Japanese Yew (Taxus cuspidata 'Capitata')

General Plant Information (Edit)
Plant Habit: Tree
Life cycle: Perennial
Sun Requirements: Full Sun
Full Sun to Partial Shade
Water Preferences: Mesic
Dry Mesic
Dry
Soil pH Preferences: Slightly acid (6.1 – 6.5)
Neutral (6.6 – 7.3)
Slightly alkaline (7.4 – 7.8)
Minimum cold hardiness: Zone 4a -34.4 °C (-30 °F) to -31.7 °C (-25 °F)
Maximum recommended zone: Zone 7b
Plant Height: usually 10 to 15 feet; up to 50 feet possible
Plant Spread: usually 6 to 10 feet; to 30 feet possible
Leaves: Evergreen
Needled
Fruit: Showy
Edible to birds
Fruiting Time: Late summer or early fall
Fall
Late fall or early winter
Suitable Locations: Patio/Ornamental/Small Tree
Uses: Provides winter interest
Resistances: Rabbit Resistant
Humidity tolerant
Propagation: Seeds: Self fertile
Propagation: Other methods: Cuttings: Tip
Pollinators: Wind
Miscellaneous: Dioecious

Image

Photo gallery:

This plant is tagged in:
Image

Comments:
Posted by ILPARW (southeast Pennsylvania - Zone 6b) on Jan 14, 2020 12:52 PM

This cultivar is the most common Japanese Yew selection that brings forth a pyramidal tree form in the northern USA and southern Canada. It is propagated by taking only the very terminal tip of a plant to root it, as side branches rooted will result in having shrubs instead. It has been commonly planted in many yards in the Midwest, the Mid-Atlantic, and the Northeast and is sheared a lot by homeowners to keep it about 6 to 12 feet high. Unfortunately, the average homeowner does not know that it is against landscape design law to plant pointed evergreens or any such plant at the corners of a building or house because it emphasizes the vertical aspect. It is so often wrongly used one at each corner of a house or even at the front doorway. If it is planted in odd number group, then it is not such a harsh form. It is best for a formal garden or landscape. I recommend people visit Colonial Williamsburg, Virginia to check out how one should design and plant a formal European type of landscape. In Europe the less cold hardy English Yew is used instead.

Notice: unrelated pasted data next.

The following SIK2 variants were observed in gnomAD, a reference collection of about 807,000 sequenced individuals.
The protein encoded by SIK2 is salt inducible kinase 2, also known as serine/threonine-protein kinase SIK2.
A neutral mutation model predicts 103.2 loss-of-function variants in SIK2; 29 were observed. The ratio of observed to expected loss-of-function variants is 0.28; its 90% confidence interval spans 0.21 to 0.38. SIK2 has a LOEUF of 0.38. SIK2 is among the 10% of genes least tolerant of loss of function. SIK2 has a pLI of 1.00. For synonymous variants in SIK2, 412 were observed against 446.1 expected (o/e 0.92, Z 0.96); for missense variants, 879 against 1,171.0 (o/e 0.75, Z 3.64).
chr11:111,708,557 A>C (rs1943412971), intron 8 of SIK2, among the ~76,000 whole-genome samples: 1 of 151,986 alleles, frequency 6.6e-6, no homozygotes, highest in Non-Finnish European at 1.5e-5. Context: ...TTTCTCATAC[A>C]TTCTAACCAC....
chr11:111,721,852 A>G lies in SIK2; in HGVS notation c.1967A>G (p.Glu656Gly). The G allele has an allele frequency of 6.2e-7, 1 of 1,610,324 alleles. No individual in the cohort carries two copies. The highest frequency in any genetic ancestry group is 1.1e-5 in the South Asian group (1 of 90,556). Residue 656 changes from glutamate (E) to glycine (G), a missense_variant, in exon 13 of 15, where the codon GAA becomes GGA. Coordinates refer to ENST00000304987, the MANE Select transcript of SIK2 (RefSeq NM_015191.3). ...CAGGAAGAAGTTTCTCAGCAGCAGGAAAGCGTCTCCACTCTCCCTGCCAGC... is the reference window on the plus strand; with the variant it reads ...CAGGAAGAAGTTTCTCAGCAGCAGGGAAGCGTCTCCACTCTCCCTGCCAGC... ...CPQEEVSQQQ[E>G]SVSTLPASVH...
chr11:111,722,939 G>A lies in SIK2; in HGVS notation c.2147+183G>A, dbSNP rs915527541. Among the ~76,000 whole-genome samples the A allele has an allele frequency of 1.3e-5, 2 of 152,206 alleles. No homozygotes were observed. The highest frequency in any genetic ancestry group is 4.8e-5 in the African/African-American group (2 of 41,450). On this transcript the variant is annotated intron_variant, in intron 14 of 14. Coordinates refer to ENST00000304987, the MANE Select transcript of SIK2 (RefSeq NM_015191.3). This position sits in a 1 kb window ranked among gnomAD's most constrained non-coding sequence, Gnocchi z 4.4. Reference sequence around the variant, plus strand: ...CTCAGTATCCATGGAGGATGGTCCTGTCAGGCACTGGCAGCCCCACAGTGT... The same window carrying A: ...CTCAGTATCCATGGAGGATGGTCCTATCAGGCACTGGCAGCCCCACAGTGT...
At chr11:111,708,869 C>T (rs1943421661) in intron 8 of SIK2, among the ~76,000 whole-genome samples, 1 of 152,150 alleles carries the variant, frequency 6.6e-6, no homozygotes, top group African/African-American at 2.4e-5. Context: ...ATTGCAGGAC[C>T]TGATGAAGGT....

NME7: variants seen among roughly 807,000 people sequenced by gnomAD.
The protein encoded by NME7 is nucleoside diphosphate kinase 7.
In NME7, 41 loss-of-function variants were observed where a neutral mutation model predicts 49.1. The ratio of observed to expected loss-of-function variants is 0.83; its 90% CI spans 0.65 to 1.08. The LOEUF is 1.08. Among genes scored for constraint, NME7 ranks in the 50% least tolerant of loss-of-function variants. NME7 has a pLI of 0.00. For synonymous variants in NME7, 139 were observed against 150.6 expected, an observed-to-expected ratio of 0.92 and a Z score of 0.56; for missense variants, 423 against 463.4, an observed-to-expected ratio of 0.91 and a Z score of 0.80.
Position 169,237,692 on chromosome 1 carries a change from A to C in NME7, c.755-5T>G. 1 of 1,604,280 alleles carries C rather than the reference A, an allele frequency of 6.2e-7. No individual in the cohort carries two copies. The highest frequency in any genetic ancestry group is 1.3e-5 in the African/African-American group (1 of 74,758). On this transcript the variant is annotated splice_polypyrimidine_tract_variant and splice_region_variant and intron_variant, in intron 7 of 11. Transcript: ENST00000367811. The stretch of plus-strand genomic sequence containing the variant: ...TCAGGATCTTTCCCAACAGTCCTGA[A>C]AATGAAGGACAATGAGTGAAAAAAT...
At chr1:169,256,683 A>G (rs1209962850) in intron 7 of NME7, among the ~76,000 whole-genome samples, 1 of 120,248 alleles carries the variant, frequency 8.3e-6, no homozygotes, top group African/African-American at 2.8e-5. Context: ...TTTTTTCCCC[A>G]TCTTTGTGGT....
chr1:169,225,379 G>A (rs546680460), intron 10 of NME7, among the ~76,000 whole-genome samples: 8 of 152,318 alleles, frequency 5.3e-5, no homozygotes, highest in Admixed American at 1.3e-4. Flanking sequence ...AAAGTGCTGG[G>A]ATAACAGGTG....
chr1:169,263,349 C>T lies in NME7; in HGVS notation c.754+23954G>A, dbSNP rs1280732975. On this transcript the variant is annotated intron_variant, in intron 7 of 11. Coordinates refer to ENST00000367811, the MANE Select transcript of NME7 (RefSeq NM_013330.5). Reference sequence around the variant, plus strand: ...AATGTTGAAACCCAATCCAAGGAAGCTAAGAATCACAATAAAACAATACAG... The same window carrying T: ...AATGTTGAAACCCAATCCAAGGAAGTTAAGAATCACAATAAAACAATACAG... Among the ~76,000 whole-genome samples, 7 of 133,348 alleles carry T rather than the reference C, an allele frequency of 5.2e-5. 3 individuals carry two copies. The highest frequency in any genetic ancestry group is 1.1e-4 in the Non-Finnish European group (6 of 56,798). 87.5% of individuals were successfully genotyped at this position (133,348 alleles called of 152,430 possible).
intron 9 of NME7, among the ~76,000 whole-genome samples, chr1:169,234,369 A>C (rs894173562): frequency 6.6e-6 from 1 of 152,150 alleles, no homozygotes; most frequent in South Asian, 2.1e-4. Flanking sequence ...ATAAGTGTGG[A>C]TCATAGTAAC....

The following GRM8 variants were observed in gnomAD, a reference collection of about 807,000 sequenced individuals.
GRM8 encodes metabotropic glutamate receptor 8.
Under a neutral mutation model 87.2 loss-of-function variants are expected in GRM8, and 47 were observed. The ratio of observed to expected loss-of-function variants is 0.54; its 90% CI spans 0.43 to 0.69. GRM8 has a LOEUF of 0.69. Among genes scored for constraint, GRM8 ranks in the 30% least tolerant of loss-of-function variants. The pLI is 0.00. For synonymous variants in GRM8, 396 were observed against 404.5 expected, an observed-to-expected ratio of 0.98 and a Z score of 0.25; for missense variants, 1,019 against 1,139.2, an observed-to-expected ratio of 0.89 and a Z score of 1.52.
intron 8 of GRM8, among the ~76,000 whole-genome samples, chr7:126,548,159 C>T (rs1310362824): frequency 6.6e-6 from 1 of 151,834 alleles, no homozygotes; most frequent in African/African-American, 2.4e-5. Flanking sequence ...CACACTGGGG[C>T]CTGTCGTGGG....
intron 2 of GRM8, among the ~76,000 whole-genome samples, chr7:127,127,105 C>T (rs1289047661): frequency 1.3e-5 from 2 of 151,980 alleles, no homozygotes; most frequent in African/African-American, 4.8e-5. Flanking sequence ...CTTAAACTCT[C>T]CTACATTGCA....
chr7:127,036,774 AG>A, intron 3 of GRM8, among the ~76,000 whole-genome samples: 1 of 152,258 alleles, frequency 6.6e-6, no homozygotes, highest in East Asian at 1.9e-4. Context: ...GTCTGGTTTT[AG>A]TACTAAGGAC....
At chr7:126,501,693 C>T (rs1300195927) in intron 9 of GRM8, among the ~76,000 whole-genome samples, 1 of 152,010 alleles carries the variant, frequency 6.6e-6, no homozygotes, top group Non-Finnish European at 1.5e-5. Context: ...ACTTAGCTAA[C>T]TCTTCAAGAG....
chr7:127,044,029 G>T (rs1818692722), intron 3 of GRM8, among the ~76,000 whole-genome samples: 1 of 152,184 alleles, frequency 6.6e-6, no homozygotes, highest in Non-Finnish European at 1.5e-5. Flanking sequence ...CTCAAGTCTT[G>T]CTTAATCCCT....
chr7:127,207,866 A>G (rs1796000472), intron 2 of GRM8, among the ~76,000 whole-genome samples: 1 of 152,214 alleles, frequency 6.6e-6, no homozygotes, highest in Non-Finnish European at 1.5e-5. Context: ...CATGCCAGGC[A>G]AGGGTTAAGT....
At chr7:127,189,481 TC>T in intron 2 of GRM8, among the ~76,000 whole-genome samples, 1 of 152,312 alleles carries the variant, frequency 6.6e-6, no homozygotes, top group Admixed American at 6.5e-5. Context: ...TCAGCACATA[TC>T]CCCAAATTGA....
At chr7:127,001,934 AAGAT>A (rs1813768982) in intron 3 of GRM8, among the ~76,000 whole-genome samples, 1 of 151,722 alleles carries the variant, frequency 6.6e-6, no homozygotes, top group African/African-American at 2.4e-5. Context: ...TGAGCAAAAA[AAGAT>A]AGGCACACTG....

[ Reply to this comment | Give a thumbs up ]

Plant Events from our members
MissMew On July 1, 1998 Obtained plant
» Post your own event for this plant

Discussion Threads about this plant
Thread Title Last Reply Replies
Salt tolerant plants by eclayne Feb 8, 2013 9:39 PM 130

« Add a new plant to the database

« The Plants Database Front Page

Today's site banner is by dirtdorphins and is called "Calypso"

This site is protected by reCAPTCHA and the Google Privacy Policy and Terms of Service apply.